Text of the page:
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Guiding parents and teachers to navigate the challenges of ADHD

ADHD is a medical condition marked by developmental delays in children and teens, and often leads to challenges in parenting. It tends to be greatly misunderstood by medical and therapeutic providers, who may develop treatment plans that rely on medication as a sole source of treatment to the exclusion of behavior management training in parenting. Parenting interventions are effective, recommended, and have been proven to improve symptoms for children and teens. Most experts agree that ADHD is much (cont'd below)

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Leading Articles about Managing ADHD

Is It ADHD, a Reading Disability, or Both?

By Jennifer Hasser

As a parent of a child with ADHD, I know a great deal of time is spent on the age-old…

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3 Skills to Help Your Child Remember

By Florence Cannon

Prospective memory  — that is, remembering to perform a planned action at some future time — is crucial for managing…

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How Sanity School® Helped me Become Teacher Of Year

By Jessica Ging

I took the Sanity School® course first as a parent, and quickly realized that it could greatly impact my classroom.…

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Medication For Kids With ADHD — Is It Just About School Work?

By Elaine Taylor-Klaus and Diane Dempster

Welcome to Tea & Tips, where we respond to burning questions from parents and educators — taking aim on one…

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Doctor’s Advice to Make it Easier to Parent ADHD

Interview with Mark Bertin

We all come into parenting with a lot of preconceived notions of how things should be. We read traditional advice…

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Communicating with teachers

Communicating with Teachers for School Success with ADHD

By Diane Dempster

The Struggle Is Real It is heartbreaking and frustrating for parents to witness the struggles their children face in school.…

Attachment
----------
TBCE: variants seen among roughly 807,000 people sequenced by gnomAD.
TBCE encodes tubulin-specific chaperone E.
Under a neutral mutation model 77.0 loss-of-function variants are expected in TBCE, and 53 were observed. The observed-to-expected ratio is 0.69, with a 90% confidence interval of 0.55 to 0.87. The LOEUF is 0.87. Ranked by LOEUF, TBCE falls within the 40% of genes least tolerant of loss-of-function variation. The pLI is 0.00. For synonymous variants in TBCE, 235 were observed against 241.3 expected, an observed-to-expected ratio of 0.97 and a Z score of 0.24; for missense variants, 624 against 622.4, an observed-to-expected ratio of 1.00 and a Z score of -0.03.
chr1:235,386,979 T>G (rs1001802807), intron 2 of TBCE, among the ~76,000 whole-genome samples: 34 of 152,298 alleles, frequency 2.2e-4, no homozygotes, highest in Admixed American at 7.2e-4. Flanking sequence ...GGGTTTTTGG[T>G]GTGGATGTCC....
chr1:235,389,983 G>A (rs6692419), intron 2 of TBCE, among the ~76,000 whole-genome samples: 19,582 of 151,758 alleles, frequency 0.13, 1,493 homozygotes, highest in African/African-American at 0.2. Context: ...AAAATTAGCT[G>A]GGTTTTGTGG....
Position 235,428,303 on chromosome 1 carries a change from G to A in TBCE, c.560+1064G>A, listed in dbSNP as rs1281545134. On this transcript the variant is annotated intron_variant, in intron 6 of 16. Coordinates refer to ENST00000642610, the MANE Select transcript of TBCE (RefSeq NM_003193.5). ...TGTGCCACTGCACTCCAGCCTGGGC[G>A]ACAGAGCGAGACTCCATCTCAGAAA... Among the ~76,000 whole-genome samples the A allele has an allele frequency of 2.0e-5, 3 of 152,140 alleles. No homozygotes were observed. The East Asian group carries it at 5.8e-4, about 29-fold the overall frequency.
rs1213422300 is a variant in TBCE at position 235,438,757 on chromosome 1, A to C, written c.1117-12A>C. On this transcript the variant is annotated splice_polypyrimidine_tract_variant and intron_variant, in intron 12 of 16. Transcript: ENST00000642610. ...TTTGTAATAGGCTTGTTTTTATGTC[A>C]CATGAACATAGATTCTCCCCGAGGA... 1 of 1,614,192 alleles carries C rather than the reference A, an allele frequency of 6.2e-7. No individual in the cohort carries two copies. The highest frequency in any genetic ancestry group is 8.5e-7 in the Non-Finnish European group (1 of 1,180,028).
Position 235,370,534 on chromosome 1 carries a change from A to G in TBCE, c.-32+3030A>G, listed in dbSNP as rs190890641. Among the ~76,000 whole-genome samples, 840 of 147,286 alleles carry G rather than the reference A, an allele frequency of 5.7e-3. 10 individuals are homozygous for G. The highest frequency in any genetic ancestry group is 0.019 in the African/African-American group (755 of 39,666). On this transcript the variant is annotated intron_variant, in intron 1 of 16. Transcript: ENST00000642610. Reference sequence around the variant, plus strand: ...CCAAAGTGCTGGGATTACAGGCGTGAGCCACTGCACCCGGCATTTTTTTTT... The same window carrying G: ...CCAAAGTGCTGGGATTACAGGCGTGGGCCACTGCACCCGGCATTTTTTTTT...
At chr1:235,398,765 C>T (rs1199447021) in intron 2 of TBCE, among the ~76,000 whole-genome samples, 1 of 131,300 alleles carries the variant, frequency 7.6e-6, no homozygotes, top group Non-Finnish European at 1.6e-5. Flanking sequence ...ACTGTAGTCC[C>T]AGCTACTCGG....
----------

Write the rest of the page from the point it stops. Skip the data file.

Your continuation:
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How To Help My Kids Manage Time When I’m Not Around

By Elaine Taylor-Klaus and Diane Dempster

Welcome to Tea & Tips, where we respond to burning questions from parents and educators — taking aim on one…

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How to Create a Great Relationship with Your Child’s Teacher

By Michele Novotni

Having a son with ADHD really reinforced the importance of my building a good working relationship with his teachers. Being…

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Homework Advice for Kids with ADHD

Outrageous Homework Advice for Kids with ADHD

By Elaine Taylor-Klaus

Warning: this strategy is going to fly in the face of traditional recommendations to parents! If we learned anything from…

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(continued) more than a ‘deficit of attention.’ Instead, ADHD can appear as a rather complicated collection of symptoms, manifesting somewhat differently for each individual. It may more easily be understood as a brain-based developmental delay in executive function. It can also be confused with or compounded by the many co-existing conditions that are common for people with ADHD, including anxiety, learning disabilities, depression, asthma, allergies, autism, Tourette syndrome, as well as newer (and less-well-known or researched) conditions, such as rejection sensitive dysphoria (RSD).

Executive functions are responsible for how we think, feel, and act. They’re how we get ourselves to do (or not do) absolutely anything. Therefore, the symptoms that lead to an ADHD diagnosis are not just whether or not someone can pay attention, but whether they can self-regulate – whether they can decide what to pay attention to, stick with it, finish what they’re focusing on, minimize their impulses, and avoid getting distracted in the process. That’s what makes parenting so difficult.

The five areas most commonly reflected in ADHD symptoms rely heavily on executive function: attention (focus), impulsivity, organization, emotional intensity, and (sometimes) hyperactivity. Again, when kids, teens or young adults struggle with these issues, it can cause significant challenges in parenting.

Whether parents are trying to get life moving in the mornings or just help their kids and teens manage any or all of their responsibilities, ADHD is best treated by a combination of medication and ‘behavior therapy,’ otherwise known as parent management training, or behavior management training. With training, parenting can work with medication (when relevant) to teach children and teens skills in self-management, and ultimately improve outcomes for the whole family.